The Balancing Act of Caring for the Dying


by Barbara Karnes, R.N.

Dear Barbara,

I work at a hospital as an X-ray tech. I take routine chest
X-rays in the ICU every morning. Many elderly patients would be better dead.  All I do is to add unnecessary pain every day.

It’s hard to take care of extremely ill people, to see how their quality of life has deteriorated, to witness all the suffering, and to not have a voice in that care. I agree that there are a lot of people in our health care system who are suffering, and I often question why treatment is continuing, why comfort care is not being offered and given.

However, you and I, as employees in health care, are not there to give medical advice or tell the patient and their family what they should be doing or how they would be better off with comfort care. Our job is to support everyone in the decisions they have made about their medical care. Those decisions and plans of care are for the patient and their families to decide based on the input from their physician.

BUT it is the responsibility of the physician to advise the family of a realistic prognosis and discuss anticipated outcomes. Hospitals (and most of health care) are about fixing people, treatments, and cure. What the odds are of accomplishing a “cure”, or of the treatments being successful in returning a person to normal life activities, are often overrated, not said, or not even considered. Our healthcare system is about addressing diseases that people have. I would like to see it more about people that have diseases. If healthcare was more people oriented I think suffering would be looked at differently.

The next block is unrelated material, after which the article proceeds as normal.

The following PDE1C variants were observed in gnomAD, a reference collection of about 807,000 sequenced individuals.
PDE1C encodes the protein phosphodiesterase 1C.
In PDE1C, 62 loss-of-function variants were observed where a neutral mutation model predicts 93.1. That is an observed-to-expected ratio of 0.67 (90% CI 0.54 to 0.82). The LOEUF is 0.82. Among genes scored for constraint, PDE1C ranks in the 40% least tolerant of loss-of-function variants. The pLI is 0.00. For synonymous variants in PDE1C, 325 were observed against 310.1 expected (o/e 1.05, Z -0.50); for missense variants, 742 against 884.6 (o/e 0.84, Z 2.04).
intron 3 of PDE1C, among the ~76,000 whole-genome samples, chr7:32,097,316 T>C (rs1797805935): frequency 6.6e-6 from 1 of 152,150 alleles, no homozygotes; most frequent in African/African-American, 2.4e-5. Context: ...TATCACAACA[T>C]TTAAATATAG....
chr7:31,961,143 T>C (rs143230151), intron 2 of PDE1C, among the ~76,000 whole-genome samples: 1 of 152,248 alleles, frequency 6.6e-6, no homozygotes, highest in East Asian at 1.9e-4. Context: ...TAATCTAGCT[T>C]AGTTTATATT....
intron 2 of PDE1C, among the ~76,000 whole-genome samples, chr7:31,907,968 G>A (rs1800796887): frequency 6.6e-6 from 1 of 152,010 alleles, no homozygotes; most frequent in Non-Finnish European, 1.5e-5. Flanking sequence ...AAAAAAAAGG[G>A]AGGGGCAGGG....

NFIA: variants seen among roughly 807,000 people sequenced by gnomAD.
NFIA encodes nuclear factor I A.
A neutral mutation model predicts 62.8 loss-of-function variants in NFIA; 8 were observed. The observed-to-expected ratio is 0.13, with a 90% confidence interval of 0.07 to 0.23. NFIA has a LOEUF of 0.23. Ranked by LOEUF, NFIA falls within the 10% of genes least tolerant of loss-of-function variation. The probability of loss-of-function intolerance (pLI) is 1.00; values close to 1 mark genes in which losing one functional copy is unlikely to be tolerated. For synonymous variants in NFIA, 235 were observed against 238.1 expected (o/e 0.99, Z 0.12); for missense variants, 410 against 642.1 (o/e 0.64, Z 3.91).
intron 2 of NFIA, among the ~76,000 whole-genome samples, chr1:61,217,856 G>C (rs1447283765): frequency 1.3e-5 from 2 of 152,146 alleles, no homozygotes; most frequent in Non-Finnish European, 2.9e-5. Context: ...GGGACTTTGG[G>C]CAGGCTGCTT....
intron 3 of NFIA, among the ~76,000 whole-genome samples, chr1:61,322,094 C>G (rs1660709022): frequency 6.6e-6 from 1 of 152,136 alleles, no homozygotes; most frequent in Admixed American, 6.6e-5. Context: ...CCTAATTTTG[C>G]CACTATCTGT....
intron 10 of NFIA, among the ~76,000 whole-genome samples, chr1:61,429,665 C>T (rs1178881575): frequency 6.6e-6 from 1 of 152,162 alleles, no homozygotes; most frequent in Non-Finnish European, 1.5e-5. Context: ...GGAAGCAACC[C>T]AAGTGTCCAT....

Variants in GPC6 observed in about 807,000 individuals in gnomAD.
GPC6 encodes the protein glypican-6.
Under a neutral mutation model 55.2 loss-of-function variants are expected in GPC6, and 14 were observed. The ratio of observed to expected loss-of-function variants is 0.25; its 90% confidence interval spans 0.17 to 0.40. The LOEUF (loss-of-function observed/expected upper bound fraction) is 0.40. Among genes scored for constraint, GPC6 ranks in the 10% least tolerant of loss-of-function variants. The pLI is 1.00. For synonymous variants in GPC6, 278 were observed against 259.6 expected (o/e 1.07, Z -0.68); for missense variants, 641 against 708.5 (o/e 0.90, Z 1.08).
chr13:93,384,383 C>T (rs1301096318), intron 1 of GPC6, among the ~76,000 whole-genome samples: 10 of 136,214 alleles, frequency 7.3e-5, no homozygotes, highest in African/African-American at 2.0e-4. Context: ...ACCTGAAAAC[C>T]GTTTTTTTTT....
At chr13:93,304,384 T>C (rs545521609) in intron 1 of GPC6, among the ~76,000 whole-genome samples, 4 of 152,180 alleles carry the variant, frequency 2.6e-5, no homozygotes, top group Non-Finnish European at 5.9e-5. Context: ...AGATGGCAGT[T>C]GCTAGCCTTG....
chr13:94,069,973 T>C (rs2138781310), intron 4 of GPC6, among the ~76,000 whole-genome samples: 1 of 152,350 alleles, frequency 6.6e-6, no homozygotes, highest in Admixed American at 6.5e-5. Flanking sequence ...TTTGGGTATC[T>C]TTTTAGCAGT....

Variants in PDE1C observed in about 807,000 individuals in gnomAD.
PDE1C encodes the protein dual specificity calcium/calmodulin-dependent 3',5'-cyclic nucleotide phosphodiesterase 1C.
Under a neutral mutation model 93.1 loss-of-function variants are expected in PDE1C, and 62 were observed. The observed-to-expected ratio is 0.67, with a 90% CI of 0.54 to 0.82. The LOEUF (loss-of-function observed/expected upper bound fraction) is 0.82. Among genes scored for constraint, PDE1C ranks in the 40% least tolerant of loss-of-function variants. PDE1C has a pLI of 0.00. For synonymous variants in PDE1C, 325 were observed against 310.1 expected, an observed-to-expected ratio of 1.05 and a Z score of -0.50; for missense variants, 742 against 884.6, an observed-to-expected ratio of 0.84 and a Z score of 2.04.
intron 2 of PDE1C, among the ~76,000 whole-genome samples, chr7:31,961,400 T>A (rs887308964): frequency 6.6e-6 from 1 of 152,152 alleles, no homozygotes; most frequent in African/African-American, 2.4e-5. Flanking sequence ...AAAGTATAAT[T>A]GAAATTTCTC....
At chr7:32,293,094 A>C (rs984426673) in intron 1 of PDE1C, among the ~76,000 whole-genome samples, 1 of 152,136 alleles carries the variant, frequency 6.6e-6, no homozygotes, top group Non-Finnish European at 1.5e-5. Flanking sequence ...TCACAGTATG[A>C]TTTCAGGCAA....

It can be difficult when our job involves actions that are contrary to our personal beliefs, when we see what we believe is needless suffering and indignity and are powerless to change it. For healthcare professionals it is often a balancing act to care for patients and then deal with the sense of futility that is triggered when they are doing their job. When or if that conflict becomes unbearable then it is time to look into another line of work. I know that is harsh sounding but what other choice is there?

Yes, we can carefully ask questions to our supervisors about procedures and the care given. We can use gentleness and compassion in performing procedures and treatment, but the bottom line is the work we are in involves pain and suffering. The work we are in is controlled by others.

I created a film and a booklet for professional caregivers who deal with end of life called Care for the Caregiver.  You may want to watch the link on the website to see if this film might also give you ideas for self care. While the film is about taking care of yourself when working in the end of life arena, a lot of the information within it is applicable to many career choices. Like flight attendants who tell us in our safety briefings on an airplane — “put our oxygen masks on first so that you can help others”, I strongly believe we must take care of ourselves as health care professionals before we can help others. If we don’t, we won’t be able to continue in this line of work.


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